Ask Kim


What's in Store for Medicare Part B Premiums

Kimberly Lankford

Some people will have to pay more for coverage next year.



Will Medicare Part B premiums increase next year?

Medicare Part B premiums will continue to be $96.40 per month for most people in 2010, even though health-care costs are rising. That’s because most Medicare beneficiaries are protected by the “hold harmless” provision, which prevents Social Security checks from declining from one year to the next. Most people deduct their Part B premiums from their Social Security checks. There will be no cost-of-living increase to Social Security benefits in 2010, so their Medicare Part B premiums cannot increase, either. See A Bailout for Seniors for more information.

However, the hold-harmless provision does not apply to about 25% of Medicare beneficiaries -- including people who are new to Medicare in 2010, low-income beneficiaries whose premiums are paid by Medicaid, and high-income beneficiaries who pay a surcharge -- and their premiums could increase substantially. The Centers for Medicare and Medicaid Services recently announced that premiums for people who aren’t protected by the hold-harmless provision would jump by $14.10, to $110.50 per month, in 2010.

High-income beneficiaries will pay even more, which has been the case since 2007, when income surcharges were added to the Part B premiums for beneficiaries above a certain income level. In 2010, the extra charge applies to Medicare beneficiaries with modified adjusted gross incomes of $85,000 or more ($170,000 or more if married filing jointly).

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In 2010, people who earn more than $85,000 up to $107,000 (or married couples filing jointly who earn more than $170,000 up to $214,000) will pay $154.70 per month per person for Part B; people who earn more than $107,000 up to $160,000 ($214,000 up to $320,000 if filing jointly) will pay $221.00 per month per person; people who earn more than $160,000 up to $214,000 ($320,000 to $428,000 if filing jointly) will pay $287.00 per month per person; and those who earn more than $214,000 (more than $428,000 if filing jointly) will pay $353.60 per month per person. (See this table on the Medicare Web site for 2009 premiums.)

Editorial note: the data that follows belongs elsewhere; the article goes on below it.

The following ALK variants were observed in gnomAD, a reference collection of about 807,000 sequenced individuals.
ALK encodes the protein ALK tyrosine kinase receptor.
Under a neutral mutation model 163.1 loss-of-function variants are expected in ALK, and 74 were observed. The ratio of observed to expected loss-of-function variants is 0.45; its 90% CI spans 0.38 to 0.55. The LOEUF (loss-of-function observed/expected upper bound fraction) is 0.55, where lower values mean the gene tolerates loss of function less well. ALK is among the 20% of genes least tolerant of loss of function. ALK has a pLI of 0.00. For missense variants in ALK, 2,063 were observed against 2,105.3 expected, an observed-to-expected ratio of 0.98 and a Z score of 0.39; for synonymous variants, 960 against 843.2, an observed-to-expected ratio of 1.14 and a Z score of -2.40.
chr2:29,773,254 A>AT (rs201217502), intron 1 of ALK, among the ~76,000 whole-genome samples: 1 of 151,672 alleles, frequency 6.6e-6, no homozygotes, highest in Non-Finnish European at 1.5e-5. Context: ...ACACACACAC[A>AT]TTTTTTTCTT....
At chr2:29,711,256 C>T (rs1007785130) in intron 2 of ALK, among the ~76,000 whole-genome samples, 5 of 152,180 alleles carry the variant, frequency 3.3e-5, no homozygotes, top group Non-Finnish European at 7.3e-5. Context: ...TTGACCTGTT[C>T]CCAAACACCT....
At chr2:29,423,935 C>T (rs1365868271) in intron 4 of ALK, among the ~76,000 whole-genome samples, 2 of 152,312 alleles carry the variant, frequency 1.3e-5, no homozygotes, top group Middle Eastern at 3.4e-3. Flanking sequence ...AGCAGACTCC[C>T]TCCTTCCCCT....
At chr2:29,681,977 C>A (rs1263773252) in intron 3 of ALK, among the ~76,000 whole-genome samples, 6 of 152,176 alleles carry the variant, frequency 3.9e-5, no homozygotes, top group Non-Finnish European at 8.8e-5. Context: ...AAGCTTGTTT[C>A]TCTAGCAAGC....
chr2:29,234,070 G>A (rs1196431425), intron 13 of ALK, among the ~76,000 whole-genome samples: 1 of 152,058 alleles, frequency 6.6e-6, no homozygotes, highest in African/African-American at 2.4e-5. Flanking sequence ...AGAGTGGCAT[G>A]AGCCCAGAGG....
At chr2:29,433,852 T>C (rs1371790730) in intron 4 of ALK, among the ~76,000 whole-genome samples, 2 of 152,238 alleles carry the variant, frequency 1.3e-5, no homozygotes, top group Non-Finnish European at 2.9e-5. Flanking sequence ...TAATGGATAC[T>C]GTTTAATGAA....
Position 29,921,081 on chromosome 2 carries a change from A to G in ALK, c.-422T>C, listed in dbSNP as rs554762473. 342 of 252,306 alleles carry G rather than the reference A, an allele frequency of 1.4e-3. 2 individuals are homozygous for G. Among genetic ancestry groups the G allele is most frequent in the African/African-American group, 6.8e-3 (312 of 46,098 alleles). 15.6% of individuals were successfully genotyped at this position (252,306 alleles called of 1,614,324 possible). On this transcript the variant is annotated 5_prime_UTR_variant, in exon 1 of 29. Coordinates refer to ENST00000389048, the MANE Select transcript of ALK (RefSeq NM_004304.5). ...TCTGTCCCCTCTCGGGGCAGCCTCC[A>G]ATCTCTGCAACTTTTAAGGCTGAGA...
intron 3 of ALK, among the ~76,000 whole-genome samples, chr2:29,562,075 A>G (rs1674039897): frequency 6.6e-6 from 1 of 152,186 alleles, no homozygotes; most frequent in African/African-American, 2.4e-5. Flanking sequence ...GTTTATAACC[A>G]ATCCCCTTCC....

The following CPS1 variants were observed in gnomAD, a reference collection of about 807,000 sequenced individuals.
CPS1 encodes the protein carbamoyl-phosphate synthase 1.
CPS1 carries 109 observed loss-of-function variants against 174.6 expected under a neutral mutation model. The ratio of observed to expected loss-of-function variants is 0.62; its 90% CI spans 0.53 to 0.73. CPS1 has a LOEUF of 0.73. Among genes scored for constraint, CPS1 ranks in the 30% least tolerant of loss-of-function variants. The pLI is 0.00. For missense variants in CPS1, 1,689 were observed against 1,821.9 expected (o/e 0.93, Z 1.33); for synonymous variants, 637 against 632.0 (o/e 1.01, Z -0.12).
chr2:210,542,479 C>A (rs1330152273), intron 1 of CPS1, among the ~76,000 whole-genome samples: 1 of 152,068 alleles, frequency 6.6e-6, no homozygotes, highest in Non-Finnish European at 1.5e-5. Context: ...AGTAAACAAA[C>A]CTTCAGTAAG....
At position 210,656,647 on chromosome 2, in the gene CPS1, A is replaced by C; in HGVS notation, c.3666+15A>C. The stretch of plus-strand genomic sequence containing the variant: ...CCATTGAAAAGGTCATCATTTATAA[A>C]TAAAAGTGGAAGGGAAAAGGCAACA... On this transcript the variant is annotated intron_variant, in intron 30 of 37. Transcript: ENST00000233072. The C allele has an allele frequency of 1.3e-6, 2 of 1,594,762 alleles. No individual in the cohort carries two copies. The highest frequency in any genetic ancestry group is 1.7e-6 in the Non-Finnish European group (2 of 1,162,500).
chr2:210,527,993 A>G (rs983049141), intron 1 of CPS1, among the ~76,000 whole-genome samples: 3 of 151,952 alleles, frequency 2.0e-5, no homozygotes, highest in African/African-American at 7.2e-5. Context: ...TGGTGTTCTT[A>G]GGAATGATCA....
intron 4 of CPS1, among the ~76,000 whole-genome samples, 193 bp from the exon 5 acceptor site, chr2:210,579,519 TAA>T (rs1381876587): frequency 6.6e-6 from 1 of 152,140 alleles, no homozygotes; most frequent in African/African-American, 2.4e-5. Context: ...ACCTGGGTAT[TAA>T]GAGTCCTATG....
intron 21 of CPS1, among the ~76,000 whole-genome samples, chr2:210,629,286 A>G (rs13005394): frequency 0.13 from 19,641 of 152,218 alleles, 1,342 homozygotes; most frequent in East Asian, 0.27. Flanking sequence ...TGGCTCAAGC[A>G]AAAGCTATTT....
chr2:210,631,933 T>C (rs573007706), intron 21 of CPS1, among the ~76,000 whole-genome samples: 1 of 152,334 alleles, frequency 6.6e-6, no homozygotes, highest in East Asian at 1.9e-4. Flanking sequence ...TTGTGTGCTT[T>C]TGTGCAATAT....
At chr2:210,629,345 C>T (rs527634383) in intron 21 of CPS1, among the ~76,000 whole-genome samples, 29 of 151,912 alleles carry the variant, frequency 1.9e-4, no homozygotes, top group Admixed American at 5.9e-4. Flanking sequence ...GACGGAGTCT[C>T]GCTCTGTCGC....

This big price hike may be tough to stomach in a year when Social Security payments won’t rise with inflation. The House of Representatives passed a bill on September 24 that would freeze Medicare Part B premiums at 2009 levels for everyone in 2010 -- even those who aren’t protected by the hold-harmless provision. High-income beneficiaries would still have to pay a surcharge, but their total costs would continue at 2009 levels, too (ranging from $134.90 to $308.30, depending on income, for single Medicare beneficiaries who earned more than $85,000, or more than $170,000 if married filing jointly). The Senate has not acted yet, although time is running out to make changes in time to adjust the first Social Security checks of 2010.

Got a question? Ask Kim at askkim@kiplinger.com.



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